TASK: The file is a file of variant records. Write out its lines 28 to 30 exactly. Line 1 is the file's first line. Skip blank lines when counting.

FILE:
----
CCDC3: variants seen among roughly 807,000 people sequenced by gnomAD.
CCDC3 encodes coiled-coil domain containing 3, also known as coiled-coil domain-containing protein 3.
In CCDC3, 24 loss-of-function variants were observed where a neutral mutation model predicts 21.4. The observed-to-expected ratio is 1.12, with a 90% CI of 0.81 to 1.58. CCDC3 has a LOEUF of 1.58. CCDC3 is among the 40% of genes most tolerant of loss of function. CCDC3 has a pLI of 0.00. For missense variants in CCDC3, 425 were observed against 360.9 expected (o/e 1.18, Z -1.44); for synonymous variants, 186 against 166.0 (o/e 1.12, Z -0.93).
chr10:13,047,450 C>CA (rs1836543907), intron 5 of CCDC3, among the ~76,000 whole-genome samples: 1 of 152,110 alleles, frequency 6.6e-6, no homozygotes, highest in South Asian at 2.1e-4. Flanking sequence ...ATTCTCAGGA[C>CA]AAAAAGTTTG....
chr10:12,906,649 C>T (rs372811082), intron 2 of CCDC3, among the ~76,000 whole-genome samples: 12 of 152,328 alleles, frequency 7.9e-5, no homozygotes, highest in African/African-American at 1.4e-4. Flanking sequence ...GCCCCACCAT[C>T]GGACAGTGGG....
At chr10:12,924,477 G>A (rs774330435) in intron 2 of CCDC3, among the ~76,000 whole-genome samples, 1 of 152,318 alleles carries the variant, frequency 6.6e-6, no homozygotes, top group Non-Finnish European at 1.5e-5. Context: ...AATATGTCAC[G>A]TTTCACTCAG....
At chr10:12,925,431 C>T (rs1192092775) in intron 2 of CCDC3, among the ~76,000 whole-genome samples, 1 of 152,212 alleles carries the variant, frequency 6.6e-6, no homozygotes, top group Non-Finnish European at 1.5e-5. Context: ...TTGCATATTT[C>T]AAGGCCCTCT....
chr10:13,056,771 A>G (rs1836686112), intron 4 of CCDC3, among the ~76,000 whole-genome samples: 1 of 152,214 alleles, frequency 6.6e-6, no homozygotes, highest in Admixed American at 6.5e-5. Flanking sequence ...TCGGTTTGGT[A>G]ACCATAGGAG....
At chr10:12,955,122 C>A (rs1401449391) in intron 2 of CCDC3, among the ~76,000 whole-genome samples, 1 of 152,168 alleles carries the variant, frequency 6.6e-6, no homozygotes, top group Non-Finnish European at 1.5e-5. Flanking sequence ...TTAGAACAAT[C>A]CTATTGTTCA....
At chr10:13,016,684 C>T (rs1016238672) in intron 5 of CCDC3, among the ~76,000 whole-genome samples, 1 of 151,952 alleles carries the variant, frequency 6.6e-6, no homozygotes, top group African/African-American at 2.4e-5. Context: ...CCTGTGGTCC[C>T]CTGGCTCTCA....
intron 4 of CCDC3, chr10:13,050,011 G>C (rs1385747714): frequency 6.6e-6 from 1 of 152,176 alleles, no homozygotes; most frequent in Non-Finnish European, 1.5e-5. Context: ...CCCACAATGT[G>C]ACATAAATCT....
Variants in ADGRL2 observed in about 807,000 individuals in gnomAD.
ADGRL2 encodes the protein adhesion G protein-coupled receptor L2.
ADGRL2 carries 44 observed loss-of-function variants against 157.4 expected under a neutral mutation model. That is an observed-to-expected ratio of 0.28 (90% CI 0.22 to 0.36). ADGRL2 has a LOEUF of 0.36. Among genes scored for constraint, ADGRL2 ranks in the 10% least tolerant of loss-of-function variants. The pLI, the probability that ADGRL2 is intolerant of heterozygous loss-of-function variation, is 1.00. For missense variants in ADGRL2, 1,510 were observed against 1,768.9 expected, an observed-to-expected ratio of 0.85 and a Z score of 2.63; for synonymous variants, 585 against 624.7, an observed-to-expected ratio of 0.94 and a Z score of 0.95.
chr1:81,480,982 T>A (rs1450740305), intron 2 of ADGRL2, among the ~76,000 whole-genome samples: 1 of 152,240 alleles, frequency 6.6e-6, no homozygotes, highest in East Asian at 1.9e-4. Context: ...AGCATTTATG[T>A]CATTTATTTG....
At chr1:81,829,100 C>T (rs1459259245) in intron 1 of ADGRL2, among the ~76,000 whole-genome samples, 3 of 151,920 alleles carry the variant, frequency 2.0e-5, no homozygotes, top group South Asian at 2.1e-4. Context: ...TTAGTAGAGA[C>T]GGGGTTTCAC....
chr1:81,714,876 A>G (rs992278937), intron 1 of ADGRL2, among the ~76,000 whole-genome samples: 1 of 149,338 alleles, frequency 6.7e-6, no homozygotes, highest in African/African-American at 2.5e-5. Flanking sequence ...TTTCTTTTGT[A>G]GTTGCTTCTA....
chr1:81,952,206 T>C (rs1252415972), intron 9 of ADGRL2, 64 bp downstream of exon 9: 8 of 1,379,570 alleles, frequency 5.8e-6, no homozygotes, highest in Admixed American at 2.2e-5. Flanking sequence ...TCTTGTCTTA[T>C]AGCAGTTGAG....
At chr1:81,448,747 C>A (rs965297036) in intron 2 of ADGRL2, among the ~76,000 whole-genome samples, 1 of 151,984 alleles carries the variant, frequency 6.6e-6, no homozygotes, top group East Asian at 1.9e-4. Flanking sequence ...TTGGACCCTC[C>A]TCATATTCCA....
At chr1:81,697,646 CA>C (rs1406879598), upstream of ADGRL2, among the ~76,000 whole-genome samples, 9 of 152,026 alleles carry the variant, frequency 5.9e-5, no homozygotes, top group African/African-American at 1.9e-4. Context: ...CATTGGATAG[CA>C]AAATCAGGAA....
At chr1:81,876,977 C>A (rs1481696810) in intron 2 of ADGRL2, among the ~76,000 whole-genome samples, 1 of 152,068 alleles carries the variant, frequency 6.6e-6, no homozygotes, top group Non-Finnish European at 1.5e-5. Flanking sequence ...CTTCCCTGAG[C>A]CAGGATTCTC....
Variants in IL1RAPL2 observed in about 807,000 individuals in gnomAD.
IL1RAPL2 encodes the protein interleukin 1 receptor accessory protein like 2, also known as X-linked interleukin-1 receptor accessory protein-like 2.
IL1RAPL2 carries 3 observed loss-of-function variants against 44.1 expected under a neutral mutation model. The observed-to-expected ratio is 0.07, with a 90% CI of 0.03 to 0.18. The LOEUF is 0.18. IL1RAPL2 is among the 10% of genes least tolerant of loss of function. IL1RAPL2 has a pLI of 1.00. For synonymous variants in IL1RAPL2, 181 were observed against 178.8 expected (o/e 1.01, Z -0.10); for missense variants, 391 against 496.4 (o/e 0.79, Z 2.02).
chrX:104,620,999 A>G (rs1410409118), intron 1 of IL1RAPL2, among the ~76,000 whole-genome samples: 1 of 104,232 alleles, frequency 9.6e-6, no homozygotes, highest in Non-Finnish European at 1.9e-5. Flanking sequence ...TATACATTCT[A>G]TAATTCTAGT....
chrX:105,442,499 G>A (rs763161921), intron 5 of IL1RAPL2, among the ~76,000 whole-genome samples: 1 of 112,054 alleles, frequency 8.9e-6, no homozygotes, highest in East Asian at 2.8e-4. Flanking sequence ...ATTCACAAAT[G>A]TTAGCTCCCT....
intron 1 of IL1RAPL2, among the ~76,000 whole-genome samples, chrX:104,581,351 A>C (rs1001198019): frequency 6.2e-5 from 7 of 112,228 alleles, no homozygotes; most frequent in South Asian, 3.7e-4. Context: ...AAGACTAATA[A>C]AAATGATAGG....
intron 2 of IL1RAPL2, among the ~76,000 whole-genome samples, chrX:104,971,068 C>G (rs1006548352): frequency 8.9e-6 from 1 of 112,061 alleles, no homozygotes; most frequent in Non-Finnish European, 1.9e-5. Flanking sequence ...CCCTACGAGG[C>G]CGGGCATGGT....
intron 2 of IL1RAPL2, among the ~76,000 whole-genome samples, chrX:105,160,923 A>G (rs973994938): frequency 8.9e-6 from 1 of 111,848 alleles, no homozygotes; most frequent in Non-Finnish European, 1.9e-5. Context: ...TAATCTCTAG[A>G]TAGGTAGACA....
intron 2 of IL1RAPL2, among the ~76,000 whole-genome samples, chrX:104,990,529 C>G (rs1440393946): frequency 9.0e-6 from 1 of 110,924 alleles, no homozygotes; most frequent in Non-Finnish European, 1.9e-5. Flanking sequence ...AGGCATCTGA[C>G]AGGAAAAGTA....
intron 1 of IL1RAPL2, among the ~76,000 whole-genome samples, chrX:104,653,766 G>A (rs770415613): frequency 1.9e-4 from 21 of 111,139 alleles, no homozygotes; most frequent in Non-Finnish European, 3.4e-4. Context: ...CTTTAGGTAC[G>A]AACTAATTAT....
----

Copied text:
intron 2 of IL1RAPL2, among the ~76,000 whole-genome samples, chrX:104,971,068 C>G (rs1006548352): frequency 8.9e-6 from 1 of 112,061 alleles, no homozygotes; most frequent in Non-Finnish European, 1.9e-5. Flanking sequence ...CCCTACGAGG[C>G]CGGGCATGGT....
intron 2 of IL1RAPL2, among the ~76,000 whole-genome samples, chrX:105,160,923 A>G (rs973994938): frequency 8.9e-6 from 1 of 111,848 alleles, no homozygotes; most frequent in Non-Finnish European, 1.9e-5. Context: ...TAATCTCTAG[A>G]TAGGTAGACA....
intron 2 of IL1RAPL2, among the ~76,000 whole-genome samples, chrX:104,990,529 C>G (rs1440393946): frequency 9.0e-6 from 1 of 110,924 alleles, no homozygotes; most frequent in Non-Finnish European, 1.9e-5. Flanking sequence ...AGGCATCTGA[C>G]AGGAAAAGTA....